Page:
“The Big Bond Theory” has little to do with Sean Connery or a man named James. I haven’t named a drink after it… yet. But bonded relationships matter. I’m talking about your spouse… and I’m talking about your family, and friends, and neighbors. The Big Bond Theory is that thing you will study with your life. No, it’s not that you have to be all lovey-dovey with everyone, and I’m not trying to espouse the glories of gregarious extroversion over the doldrums of introversion. All of you, no matter who you are… you’re beautiful. You’re full of color, and ambition, and feeling.
Some of you haven’t been treated very well. I know. This theory won’t suddenly make your relational misgivings go away. But they can help you learn to trust, and learn to be interested in people, their lives, and their ideas. We’re dedicated to helping you learn to appreciate bonds, to learn what it means to be unconditional, humble, loyal, helpful, generous, and industrious towards others. We dedicate ourselves to make you better, and in turn, you will make others better because they’ll know you’re there, that you have their back, that you’ve created a strong bond. The theory? Implement what you find here at Real Relationships Take Time, LLC, and you’ll be better and stronger, and unified.
Permit yourself time to form strong bonds with your loved ones. It’s like baking the perfect pastry, or preparing the perfect cup of tea. I love baking my original morning biscuits, ingredients added in such a way that what seems like a hodge-podge of flour, milk, and eggs (plus some unique secret ingredients) turns into a soft flaky biscuit. And I prepare my tea to a temperature that does not damage the tea, but allows the leaf to steep and mature into a full flavored drink that caresses my mouth with flavor. You can’t buy bonded relationships at the store. Like the biscuit and the tea, relationships first take the willingness to not only make relationships, but also to tend to them, and to look forward to how they might turn out.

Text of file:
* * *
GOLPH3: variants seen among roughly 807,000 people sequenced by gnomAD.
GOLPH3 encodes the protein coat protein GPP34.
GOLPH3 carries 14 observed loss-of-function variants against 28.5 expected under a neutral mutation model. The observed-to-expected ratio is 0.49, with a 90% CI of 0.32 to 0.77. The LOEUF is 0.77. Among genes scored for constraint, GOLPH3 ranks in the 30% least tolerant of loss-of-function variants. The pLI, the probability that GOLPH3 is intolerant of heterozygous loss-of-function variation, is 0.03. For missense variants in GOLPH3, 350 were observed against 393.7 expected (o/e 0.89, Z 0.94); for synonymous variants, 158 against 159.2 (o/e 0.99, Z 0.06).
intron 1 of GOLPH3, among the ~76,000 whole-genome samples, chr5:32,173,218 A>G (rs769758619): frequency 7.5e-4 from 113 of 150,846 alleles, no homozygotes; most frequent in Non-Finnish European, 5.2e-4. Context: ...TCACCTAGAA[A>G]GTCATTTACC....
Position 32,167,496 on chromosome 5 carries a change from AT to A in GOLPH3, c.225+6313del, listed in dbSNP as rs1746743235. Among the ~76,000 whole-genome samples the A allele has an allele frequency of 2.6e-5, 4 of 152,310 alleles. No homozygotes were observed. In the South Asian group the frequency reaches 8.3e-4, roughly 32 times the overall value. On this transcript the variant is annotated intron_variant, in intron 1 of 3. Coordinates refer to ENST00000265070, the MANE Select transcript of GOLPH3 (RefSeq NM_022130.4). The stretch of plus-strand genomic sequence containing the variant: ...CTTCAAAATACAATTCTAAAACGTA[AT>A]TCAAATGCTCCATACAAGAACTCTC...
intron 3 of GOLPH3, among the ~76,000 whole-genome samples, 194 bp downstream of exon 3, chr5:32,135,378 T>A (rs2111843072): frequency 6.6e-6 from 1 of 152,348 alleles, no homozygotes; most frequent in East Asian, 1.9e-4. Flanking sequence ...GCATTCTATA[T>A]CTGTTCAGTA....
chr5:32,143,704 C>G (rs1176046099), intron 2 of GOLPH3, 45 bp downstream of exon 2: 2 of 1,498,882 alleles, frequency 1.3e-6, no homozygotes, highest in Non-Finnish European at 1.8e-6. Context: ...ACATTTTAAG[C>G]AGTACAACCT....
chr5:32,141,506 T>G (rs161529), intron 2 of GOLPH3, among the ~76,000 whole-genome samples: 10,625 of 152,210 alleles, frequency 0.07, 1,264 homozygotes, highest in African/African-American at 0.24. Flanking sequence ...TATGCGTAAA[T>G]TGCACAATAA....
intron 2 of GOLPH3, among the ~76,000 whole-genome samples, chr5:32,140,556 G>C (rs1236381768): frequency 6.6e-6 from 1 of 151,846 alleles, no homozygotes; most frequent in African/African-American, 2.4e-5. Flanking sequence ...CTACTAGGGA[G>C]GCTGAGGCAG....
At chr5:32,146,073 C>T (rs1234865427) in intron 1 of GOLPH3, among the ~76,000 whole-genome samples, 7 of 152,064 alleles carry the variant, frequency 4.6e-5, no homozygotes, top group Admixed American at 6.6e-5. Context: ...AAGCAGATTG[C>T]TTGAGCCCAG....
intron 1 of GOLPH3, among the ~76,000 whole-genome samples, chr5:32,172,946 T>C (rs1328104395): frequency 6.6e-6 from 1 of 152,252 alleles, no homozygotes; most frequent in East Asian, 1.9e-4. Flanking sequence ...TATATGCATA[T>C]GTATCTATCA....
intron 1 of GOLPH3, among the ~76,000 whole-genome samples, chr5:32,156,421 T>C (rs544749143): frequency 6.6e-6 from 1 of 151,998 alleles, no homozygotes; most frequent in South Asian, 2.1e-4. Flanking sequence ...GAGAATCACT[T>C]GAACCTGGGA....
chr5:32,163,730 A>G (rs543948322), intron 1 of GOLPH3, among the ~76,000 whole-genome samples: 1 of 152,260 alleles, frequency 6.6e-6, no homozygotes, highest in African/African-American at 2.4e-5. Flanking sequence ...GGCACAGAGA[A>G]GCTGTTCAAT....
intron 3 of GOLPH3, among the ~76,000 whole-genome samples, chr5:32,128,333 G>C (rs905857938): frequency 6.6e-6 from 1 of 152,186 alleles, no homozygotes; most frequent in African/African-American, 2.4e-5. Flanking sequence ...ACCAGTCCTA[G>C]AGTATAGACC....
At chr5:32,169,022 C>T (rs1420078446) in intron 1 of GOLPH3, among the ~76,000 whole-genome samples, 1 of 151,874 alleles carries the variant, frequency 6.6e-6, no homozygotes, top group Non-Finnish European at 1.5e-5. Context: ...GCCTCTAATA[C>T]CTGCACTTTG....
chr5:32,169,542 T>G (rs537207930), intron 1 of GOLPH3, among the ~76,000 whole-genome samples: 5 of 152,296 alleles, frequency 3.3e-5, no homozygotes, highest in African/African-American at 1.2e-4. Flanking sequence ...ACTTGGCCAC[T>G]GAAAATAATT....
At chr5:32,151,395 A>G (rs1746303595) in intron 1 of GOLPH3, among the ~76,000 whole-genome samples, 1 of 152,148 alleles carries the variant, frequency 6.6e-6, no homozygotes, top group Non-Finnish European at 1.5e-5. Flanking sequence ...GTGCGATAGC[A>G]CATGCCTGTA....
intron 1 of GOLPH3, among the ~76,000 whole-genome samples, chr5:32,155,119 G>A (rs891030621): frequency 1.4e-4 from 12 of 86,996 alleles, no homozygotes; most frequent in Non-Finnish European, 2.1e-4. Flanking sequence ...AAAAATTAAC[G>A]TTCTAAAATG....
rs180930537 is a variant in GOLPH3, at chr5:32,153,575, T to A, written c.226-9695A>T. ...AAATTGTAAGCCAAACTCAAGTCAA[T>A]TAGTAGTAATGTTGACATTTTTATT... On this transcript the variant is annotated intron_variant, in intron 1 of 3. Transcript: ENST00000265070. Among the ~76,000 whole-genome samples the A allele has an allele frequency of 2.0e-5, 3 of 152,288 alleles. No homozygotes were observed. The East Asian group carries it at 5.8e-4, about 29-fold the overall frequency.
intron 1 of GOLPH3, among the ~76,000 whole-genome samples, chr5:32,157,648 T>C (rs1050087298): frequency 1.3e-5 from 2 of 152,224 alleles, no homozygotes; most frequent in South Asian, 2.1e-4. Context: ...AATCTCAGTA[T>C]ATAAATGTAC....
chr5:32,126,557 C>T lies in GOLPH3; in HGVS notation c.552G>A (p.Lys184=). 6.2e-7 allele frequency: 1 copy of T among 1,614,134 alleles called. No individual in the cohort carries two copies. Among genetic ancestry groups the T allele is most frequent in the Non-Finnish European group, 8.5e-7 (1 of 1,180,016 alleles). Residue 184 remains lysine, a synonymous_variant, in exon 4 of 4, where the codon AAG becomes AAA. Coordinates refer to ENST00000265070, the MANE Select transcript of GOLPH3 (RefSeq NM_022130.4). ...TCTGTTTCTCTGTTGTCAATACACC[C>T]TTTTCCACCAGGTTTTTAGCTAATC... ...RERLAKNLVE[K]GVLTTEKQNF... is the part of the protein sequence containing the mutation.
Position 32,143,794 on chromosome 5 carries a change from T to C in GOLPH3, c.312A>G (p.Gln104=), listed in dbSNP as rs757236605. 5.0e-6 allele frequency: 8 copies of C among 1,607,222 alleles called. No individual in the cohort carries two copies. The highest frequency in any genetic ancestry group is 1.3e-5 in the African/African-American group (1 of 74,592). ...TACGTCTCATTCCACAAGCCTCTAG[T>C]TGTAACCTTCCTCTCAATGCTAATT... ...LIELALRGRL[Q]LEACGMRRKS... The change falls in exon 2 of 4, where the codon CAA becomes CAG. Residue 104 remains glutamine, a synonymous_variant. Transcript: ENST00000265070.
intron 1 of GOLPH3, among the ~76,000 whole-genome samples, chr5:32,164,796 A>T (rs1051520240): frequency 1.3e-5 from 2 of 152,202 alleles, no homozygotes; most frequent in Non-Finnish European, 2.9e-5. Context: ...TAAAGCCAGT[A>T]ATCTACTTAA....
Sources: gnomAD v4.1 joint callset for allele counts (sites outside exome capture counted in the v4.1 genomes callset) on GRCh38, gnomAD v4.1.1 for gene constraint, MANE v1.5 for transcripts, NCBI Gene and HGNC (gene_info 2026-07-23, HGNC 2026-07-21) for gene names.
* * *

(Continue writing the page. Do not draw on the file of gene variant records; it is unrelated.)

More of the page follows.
Jesus Christ when he gave his sermon on the mount, offered blessings to different people, including the meek, the peacemakers, and the poor in spirit and continued to teach about serving the needy, loving ones enemies, and prayer (see Matthew 5-7). A detailed word study of Jesus’ use of “blessed” having used the word makaroi, throughout his sermon, means, “to be envied and fully lifted up” rather than happy, which is an external “I’m happy because I’m doing all the right things.” The sermon than makes sense because the meek were told that they fully lifted and blessed. Whether you are a Christian or not, you can probably see the wisdom of the blessing. The Big Bond Theory is as much about taking care of you, as it is learning to be relational and taking care of others, blessing them, and lifting them up fully, not because they deserve it, but because you love them.
Be emotionally available. Our best piece of advice is in our name. Real relationships take time.
Helpful Personal Verses
Acts 2:45-46: They sold property and possessions to give to anyone who had need. Every day they continued to meet together in the temple courts. They broke bread in their homes and ate together with glad and sincere hearts.
Ecclesiastes 4:12: A person standing alone can be attacked and defeated, but two can stand back-to-back and conquer. Three are even better, for a triple-braided cord is not easily broken.